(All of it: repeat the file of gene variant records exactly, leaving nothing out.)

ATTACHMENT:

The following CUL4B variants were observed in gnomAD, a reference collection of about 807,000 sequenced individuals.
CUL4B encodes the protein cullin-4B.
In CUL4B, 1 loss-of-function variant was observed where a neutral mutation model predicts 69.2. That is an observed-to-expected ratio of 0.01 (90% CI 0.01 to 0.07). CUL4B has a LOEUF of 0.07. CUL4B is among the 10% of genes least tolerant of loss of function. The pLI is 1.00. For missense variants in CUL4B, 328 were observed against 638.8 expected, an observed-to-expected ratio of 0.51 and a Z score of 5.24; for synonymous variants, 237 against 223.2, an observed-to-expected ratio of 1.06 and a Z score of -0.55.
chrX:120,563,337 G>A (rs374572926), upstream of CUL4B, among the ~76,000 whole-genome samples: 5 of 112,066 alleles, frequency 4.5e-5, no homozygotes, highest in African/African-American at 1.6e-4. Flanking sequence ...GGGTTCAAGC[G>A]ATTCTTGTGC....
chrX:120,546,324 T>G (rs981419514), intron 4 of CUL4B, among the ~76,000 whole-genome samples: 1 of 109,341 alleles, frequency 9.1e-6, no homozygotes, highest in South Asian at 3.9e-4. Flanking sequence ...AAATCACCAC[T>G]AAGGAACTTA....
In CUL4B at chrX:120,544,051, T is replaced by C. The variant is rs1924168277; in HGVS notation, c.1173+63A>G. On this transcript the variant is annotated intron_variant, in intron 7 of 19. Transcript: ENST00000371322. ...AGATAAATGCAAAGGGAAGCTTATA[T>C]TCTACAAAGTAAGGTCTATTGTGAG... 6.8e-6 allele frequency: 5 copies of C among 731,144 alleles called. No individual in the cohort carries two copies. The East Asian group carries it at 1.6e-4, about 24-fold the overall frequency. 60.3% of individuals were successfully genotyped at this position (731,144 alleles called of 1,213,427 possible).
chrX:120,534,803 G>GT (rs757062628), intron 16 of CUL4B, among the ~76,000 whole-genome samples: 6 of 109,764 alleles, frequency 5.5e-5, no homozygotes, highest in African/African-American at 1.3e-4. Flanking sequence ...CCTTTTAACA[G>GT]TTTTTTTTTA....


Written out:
The following CUL4B variants were observed in gnomAD, a reference collection of about 807,000 sequenced individuals.
CUL4B encodes the protein cullin-4B.
In CUL4B, 1 loss-of-function variant was observed where a neutral mutation model predicts 69.2. That is an observed-to-expected ratio of 0.01 (90% CI 0.01 to 0.07). CUL4B has a LOEUF of 0.07. CUL4B is among the 10% of genes least tolerant of loss of function. The pLI is 1.00. For missense variants in CUL4B, 328 were observed against 638.8 expected, an observed-to-expected ratio of 0.51 and a Z score of 5.24; for synonymous variants, 237 against 223.2, an observed-to-expected ratio of 1.06 and a Z score of -0.55.
chrX:120,563,337 G>A (rs374572926), upstream of CUL4B, among the ~76,000 whole-genome samples: 5 of 112,066 alleles, frequency 4.5e-5, no homozygotes, highest in African/African-American at 1.6e-4. Flanking sequence ...GGGTTCAAGC[G>A]ATTCTTGTGC....
chrX:120,546,324 T>G (rs981419514), intron 4 of CUL4B, among the ~76,000 whole-genome samples: 1 of 109,341 alleles, frequency 9.1e-6, no homozygotes, highest in South Asian at 3.9e-4. Flanking sequence ...AAATCACCAC[T>G]AAGGAACTTA....
In CUL4B at chrX:120,544,051, T is replaced by C. The variant is rs1924168277; in HGVS notation, c.1173+63A>G. On this transcript the variant is annotated intron_variant, in intron 7 of 19. Transcript: ENST00000371322. ...AGATAAATGCAAAGGGAAGCTTATA[T>C]TCTACAAAGTAAGGTCTATTGTGAG... 6.8e-6 allele frequency: 5 copies of C among 731,144 alleles called. No individual in the cohort carries two copies. The East Asian group carries it at 1.6e-4, about 24-fold the overall frequency. 60.3% of individuals were successfully genotyped at this position (731,144 alleles called of 1,213,427 possible).
chrX:120,534,803 G>GT (rs757062628), intron 16 of CUL4B, among the ~76,000 whole-genome samples: 6 of 109,764 alleles, frequency 5.5e-5, no homozygotes, highest in African/African-American at 1.3e-4. Flanking sequence ...CCTTTTAACA[G>GT]TTTTTTTTTA....